# Homework Help: Total differential for finding higer row derivatives

1. Apr 22, 2010

### irycio

1. The problem statement, all variables and given/known data
Well, let's take F: $$x^2 y^3=0$$.
Now, let's say thay y=y(x), y being an implicit function of x.
I want to find 2nd row derivative $$\frac{d^2y}{dx^2}$$
using differential operator.

2. Relevant equations
not apply

3. The attempt at a solution
Using D for the first time:
$$2xy^3dx+3x^2y^2dy=0$$
Now I can find dy/dx:
$$\frac{dy}{dx}=-\frac{2xy}{3x^2}$$

pretty simple, huh?

Now, using D for the 2nd time:

$$2y^3dx^2+2xy^3d^2x+12xy^2dxdy+6x^2ydy^2+3x^2y^2d^2y=0$$

Now, the question is: how to find the value of $$\frac{d^2y}{dx^2}$$ from the equation above. I know how to do it in another way, but I struggle to use that one.

2. Apr 22, 2010

### Staff: Mentor

$$\frac{dy}{dx}=-\frac{2xy}{3x^2}$$
and take the derivative implicitly with respect to x of both sides? Is this the other technique that you're struggling with?

3. Apr 22, 2010

### irycio

I must have been misunderstood, apparently the lack of technical vocabulary can cause problems ;).

I'm familiar with the method you suggested, it's pretty simple and obvious. I was just wondering how to find the value of $$\frac{d^2y}{dx^2} [\tex] from the equation I got after differentiating the equation above totally for the 2nd time. I mean, it has to be possible somehow :) 4. Apr 22, 2010 ### Mark44 ### Staff: Mentor I don't remember ever seeing anyone do what you're trying to do. 5. Apr 22, 2010 ### irycio Now, why I'm asking this. Of course it's as pointless as it may seem, but it seems to be quite a reasonable questions if a system of equations is to be considered. Like... u+v=x+y x*sin(u)=y*sin(v) where u=u(x,y), v=v(x,y). Now it's not that easy to find [tex] \frac{d^2u}{dx^2} or \frac{d^2v}{dy^2}$$ or whatever :). I mean, using total differentiation, one could easily handle this as a system of linear equations. At least I think so ;)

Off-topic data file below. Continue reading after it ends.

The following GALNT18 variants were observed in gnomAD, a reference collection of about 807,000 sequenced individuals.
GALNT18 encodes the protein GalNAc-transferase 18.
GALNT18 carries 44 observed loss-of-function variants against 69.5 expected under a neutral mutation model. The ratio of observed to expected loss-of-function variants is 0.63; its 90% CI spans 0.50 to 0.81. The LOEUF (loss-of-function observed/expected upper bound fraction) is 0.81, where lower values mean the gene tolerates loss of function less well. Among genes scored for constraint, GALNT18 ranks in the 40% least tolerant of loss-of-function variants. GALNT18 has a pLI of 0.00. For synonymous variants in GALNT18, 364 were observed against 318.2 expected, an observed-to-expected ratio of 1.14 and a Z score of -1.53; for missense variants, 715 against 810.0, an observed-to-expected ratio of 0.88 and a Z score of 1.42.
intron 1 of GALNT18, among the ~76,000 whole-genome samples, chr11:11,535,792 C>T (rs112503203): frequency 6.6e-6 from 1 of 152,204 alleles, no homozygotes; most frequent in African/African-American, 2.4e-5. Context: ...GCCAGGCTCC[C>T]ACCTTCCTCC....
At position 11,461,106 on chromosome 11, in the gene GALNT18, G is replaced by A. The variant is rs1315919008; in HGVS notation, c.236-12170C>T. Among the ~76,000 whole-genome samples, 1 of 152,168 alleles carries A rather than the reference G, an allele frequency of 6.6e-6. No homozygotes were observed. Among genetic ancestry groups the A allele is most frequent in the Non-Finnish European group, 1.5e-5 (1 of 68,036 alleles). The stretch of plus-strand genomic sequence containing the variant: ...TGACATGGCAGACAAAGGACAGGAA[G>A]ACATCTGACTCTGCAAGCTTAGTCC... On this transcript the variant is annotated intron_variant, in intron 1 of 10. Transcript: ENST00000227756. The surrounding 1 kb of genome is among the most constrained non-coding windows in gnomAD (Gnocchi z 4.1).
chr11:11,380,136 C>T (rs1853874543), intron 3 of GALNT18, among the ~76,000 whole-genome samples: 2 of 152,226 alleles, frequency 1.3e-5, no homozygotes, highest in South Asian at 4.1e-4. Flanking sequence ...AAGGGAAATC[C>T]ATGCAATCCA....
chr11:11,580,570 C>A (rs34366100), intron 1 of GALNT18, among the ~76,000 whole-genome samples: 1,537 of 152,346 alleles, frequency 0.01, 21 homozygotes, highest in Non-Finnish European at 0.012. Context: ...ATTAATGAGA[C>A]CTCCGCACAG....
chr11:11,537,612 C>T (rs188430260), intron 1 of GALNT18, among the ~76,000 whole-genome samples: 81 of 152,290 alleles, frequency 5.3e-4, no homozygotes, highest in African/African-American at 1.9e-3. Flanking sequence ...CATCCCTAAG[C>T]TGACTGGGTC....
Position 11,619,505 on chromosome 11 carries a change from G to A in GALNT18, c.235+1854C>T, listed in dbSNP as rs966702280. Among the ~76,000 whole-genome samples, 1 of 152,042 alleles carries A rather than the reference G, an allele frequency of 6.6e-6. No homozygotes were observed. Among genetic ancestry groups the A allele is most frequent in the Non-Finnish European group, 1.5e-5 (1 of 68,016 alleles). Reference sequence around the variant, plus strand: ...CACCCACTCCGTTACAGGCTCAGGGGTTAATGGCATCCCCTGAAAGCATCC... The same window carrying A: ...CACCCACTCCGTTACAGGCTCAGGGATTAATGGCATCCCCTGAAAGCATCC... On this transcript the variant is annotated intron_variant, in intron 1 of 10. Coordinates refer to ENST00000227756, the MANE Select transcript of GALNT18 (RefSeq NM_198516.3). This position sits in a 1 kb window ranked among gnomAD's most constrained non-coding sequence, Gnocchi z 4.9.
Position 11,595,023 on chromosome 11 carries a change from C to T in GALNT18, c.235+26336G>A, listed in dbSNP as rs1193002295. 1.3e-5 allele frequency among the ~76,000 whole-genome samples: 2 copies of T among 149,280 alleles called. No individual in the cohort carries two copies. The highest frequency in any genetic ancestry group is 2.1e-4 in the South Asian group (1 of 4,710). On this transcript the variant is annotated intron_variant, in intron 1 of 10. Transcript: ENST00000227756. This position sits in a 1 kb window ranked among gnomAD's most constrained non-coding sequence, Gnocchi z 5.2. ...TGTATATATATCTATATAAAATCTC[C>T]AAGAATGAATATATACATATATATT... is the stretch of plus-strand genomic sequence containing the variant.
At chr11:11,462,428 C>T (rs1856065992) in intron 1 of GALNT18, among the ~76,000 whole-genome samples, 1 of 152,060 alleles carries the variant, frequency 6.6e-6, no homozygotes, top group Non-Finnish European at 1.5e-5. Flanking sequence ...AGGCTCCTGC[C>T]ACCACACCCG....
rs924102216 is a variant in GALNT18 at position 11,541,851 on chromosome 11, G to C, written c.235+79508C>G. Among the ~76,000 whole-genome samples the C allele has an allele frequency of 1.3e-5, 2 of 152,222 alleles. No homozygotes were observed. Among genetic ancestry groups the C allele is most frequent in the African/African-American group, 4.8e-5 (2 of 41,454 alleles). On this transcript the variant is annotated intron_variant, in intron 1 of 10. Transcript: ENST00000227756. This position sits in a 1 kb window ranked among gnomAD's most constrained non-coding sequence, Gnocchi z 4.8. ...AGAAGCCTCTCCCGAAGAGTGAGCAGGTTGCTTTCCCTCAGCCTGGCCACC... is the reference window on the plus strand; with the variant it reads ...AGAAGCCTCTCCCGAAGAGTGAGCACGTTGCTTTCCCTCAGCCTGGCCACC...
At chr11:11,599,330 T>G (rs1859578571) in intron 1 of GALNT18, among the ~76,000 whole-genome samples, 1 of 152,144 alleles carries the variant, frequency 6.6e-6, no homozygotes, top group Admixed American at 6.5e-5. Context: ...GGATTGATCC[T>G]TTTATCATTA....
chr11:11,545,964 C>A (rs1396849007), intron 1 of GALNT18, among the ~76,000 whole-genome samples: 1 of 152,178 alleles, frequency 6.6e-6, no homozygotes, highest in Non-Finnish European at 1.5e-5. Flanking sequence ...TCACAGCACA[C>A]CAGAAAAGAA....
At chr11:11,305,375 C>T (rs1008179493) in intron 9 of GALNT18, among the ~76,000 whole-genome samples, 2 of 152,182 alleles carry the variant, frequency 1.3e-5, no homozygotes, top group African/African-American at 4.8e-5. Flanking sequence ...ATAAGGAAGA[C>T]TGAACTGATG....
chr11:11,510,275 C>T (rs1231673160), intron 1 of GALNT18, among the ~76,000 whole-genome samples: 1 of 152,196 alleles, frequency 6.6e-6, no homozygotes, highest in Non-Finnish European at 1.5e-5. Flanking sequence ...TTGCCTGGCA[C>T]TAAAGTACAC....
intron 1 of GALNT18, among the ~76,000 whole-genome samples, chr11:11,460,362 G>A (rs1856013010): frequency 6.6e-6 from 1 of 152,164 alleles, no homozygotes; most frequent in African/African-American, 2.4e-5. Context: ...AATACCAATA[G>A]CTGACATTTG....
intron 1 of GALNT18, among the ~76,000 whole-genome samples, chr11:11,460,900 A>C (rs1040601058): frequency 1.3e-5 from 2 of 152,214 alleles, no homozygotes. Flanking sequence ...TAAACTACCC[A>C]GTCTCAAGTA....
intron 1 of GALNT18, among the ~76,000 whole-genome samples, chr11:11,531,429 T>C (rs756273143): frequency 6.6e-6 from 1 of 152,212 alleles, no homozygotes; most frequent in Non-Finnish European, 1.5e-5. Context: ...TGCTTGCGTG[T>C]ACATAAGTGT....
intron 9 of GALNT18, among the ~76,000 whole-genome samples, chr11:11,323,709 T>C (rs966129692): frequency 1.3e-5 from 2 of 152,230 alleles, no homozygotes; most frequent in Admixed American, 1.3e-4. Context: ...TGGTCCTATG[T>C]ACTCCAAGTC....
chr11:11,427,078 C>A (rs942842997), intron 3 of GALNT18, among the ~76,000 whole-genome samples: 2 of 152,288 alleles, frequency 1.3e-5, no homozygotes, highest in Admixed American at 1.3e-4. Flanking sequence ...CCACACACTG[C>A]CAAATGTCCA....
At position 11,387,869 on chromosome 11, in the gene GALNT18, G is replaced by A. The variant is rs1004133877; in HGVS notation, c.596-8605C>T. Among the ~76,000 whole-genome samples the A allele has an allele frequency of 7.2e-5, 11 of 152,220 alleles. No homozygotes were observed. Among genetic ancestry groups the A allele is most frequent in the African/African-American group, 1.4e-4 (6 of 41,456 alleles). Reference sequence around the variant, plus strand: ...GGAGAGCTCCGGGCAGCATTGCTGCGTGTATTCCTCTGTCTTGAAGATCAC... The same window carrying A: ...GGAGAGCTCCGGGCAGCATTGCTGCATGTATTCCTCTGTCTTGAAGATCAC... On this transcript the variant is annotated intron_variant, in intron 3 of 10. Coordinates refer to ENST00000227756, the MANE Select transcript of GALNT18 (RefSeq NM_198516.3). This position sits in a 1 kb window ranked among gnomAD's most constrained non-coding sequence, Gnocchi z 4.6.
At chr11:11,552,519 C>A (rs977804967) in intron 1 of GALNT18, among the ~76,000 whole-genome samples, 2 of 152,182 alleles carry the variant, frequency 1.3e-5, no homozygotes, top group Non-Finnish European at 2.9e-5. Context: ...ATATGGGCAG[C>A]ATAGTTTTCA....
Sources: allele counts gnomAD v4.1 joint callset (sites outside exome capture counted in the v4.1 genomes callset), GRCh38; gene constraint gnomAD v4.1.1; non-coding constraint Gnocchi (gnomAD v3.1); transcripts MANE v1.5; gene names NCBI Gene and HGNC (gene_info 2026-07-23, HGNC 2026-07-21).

6. Apr 22, 2010

### irycio

Figured out the answer myself, that was a pretty tough puzzle, though :).
Lets's take our equation, keeping in mind, that y=y(x):
$$2y^3dx^2+2xy^3d^2x+12xy^2dxdy+6x^2ydy^2+3x^2y^2d^2y=0$$
Now, as x is a linear function of x, the 2nd differential of x disappears, hence:
$$2xy^3d^2x=0$$
now:
$$dy=\frac{dy}{dx} dx$$
With that we can substitute all dy's (dy^2=dy*dy=(dy)^2 -obviously):
$$2y^3dx^2+12xy^2 \frac{dy}{dx} dx^2 + 6x^2y (\frac{dy}{dx})^2 dx^2 + 3x^2y^2d^2y=0$$
Then simplify and it's now easy to find
$$\frac{d^2y}{dx^2}$$

Anyway, thanks for help, Mark44 :)